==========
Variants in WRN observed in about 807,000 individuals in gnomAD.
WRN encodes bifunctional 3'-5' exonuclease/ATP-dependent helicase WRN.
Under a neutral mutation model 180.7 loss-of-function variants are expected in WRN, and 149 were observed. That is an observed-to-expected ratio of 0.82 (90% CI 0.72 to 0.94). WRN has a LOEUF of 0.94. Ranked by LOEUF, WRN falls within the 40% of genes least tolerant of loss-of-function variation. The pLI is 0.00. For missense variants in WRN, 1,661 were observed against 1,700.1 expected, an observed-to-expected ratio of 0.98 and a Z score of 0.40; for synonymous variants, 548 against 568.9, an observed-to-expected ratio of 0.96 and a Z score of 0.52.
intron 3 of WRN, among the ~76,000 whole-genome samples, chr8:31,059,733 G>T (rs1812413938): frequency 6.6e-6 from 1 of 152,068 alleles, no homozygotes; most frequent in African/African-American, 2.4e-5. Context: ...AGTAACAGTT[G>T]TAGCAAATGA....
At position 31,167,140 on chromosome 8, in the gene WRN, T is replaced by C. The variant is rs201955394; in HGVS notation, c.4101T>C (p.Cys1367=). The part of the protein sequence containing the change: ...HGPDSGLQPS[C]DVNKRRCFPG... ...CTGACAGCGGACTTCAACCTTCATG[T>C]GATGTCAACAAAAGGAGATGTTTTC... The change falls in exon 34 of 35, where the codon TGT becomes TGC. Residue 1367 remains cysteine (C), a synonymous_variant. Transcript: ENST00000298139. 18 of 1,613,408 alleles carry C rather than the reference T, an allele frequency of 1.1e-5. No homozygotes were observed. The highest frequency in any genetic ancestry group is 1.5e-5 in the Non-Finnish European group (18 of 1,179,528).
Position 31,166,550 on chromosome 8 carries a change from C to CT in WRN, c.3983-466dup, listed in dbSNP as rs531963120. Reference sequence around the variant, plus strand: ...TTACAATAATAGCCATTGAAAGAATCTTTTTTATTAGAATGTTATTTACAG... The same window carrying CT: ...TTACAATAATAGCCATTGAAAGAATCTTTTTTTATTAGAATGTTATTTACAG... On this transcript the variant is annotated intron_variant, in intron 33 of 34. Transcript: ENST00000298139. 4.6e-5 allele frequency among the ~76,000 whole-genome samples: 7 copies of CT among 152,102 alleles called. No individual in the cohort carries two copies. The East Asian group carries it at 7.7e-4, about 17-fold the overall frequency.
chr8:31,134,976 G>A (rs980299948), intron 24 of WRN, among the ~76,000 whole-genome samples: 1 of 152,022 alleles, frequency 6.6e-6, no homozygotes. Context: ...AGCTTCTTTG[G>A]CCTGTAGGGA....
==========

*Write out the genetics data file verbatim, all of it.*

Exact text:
Variants in WRN observed in about 807,000 individuals in gnomAD.
WRN encodes bifunctional 3'-5' exonuclease/ATP-dependent helicase WRN.
Under a neutral mutation model 180.7 loss-of-function variants are expected in WRN, and 149 were observed. That is an observed-to-expected ratio of 0.82 (90% CI 0.72 to 0.94). WRN has a LOEUF of 0.94. Ranked by LOEUF, WRN falls within the 40% of genes least tolerant of loss-of-function variation. The pLI is 0.00. For missense variants in WRN, 1,661 were observed against 1,700.1 expected, an observed-to-expected ratio of 0.98 and a Z score of 0.40; for synonymous variants, 548 against 568.9, an observed-to-expected ratio of 0.96 and a Z score of 0.52.
intron 3 of WRN, among the ~76,000 whole-genome samples, chr8:31,059,733 G>T (rs1812413938): frequency 6.6e-6 from 1 of 152,068 alleles, no homozygotes; most frequent in African/African-American, 2.4e-5. Context: ...AGTAACAGTT[G>T]TAGCAAATGA....
At position 31,167,140 on chromosome 8, in the gene WRN, T is replaced by C. The variant is rs201955394; in HGVS notation, c.4101T>C (p.Cys1367=). The part of the protein sequence containing the change: ...HGPDSGLQPS[C]DVNKRRCFPG... ...CTGACAGCGGACTTCAACCTTCATG[T>C]GATGTCAACAAAAGGAGATGTTTTC... The change falls in exon 34 of 35, where the codon TGT becomes TGC. Residue 1367 remains cysteine (C), a synonymous_variant. Transcript: ENST00000298139. 18 of 1,613,408 alleles carry C rather than the reference T, an allele frequency of 1.1e-5. No homozygotes were observed. The highest frequency in any genetic ancestry group is 1.5e-5 in the Non-Finnish European group (18 of 1,179,528).
Position 31,166,550 on chromosome 8 carries a change from C to CT in WRN, c.3983-466dup, listed in dbSNP as rs531963120. Reference sequence around the variant, plus strand: ...TTACAATAATAGCCATTGAAAGAATCTTTTTTATTAGAATGTTATTTACAG... The same window carrying CT: ...TTACAATAATAGCCATTGAAAGAATCTTTTTTTATTAGAATGTTATTTACAG... On this transcript the variant is annotated intron_variant, in intron 33 of 34. Transcript: ENST00000298139. 4.6e-5 allele frequency among the ~76,000 whole-genome samples: 7 copies of CT among 152,102 alleles called. No individual in the cohort carries two copies. The East Asian group carries it at 7.7e-4, about 17-fold the overall frequency.
chr8:31,134,976 G>A (rs980299948), intron 24 of WRN, among the ~76,000 whole-genome samples: 1 of 152,022 alleles, frequency 6.6e-6, no homozygotes. Context: ...AGCTTCTTTG[G>A]CCTGTAGGGA....